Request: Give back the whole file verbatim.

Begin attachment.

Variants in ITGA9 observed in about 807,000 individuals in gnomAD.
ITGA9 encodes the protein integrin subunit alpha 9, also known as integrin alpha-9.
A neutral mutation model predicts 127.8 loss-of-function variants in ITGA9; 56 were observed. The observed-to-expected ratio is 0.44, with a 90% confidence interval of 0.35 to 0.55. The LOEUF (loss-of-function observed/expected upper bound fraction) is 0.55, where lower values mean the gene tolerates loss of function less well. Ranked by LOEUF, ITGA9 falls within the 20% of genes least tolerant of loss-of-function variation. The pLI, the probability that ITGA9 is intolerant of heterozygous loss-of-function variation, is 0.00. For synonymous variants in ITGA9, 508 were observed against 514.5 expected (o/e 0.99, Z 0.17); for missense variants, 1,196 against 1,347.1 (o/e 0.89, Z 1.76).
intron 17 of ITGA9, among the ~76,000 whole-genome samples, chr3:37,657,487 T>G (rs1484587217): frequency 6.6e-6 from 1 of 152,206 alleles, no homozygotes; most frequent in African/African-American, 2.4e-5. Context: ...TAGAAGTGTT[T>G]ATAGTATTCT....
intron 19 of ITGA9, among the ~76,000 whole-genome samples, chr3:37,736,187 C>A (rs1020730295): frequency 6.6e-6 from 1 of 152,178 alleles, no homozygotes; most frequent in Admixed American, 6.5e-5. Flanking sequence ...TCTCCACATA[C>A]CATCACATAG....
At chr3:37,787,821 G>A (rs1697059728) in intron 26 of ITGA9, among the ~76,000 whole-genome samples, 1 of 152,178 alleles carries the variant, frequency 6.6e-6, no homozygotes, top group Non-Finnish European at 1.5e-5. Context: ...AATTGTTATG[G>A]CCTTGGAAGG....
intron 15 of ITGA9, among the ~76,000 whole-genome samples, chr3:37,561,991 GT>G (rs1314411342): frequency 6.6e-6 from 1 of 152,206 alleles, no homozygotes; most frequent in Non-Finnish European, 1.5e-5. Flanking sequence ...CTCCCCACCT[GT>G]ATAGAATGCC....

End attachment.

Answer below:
Variants in ITGA9 observed in about 807,000 individuals in gnomAD.
ITGA9 encodes the protein integrin subunit alpha 9, also known as integrin alpha-9.
A neutral mutation model predicts 127.8 loss-of-function variants in ITGA9; 56 were observed. The observed-to-expected ratio is 0.44, with a 90% confidence interval of 0.35 to 0.55. The LOEUF (loss-of-function observed/expected upper bound fraction) is 0.55, where lower values mean the gene tolerates loss of function less well. Ranked by LOEUF, ITGA9 falls within the 20% of genes least tolerant of loss-of-function variation. The pLI, the probability that ITGA9 is intolerant of heterozygous loss-of-function variation, is 0.00. For synonymous variants in ITGA9, 508 were observed against 514.5 expected (o/e 0.99, Z 0.17); for missense variants, 1,196 against 1,347.1 (o/e 0.89, Z 1.76).
intron 17 of ITGA9, among the ~76,000 whole-genome samples, chr3:37,657,487 T>G (rs1484587217): frequency 6.6e-6 from 1 of 152,206 alleles, no homozygotes; most frequent in African/African-American, 2.4e-5. Context: ...TAGAAGTGTT[T>G]ATAGTATTCT....
intron 19 of ITGA9, among the ~76,000 whole-genome samples, chr3:37,736,187 C>A (rs1020730295): frequency 6.6e-6 from 1 of 152,178 alleles, no homozygotes; most frequent in Admixed American, 6.5e-5. Flanking sequence ...TCTCCACATA[C>A]CATCACATAG....
At chr3:37,787,821 G>A (rs1697059728) in intron 26 of ITGA9, among the ~76,000 whole-genome samples, 1 of 152,178 alleles carries the variant, frequency 6.6e-6, no homozygotes, top group Non-Finnish European at 1.5e-5. Context: ...AATTGTTATG[G>A]CCTTGGAAGG....
intron 15 of ITGA9, among the ~76,000 whole-genome samples, chr3:37,561,991 GT>G (rs1314411342): frequency 6.6e-6 from 1 of 152,206 alleles, no homozygotes; most frequent in Non-Finnish European, 1.5e-5. Flanking sequence ...CTCCCCACCT[GT>G]ATAGAATGCC....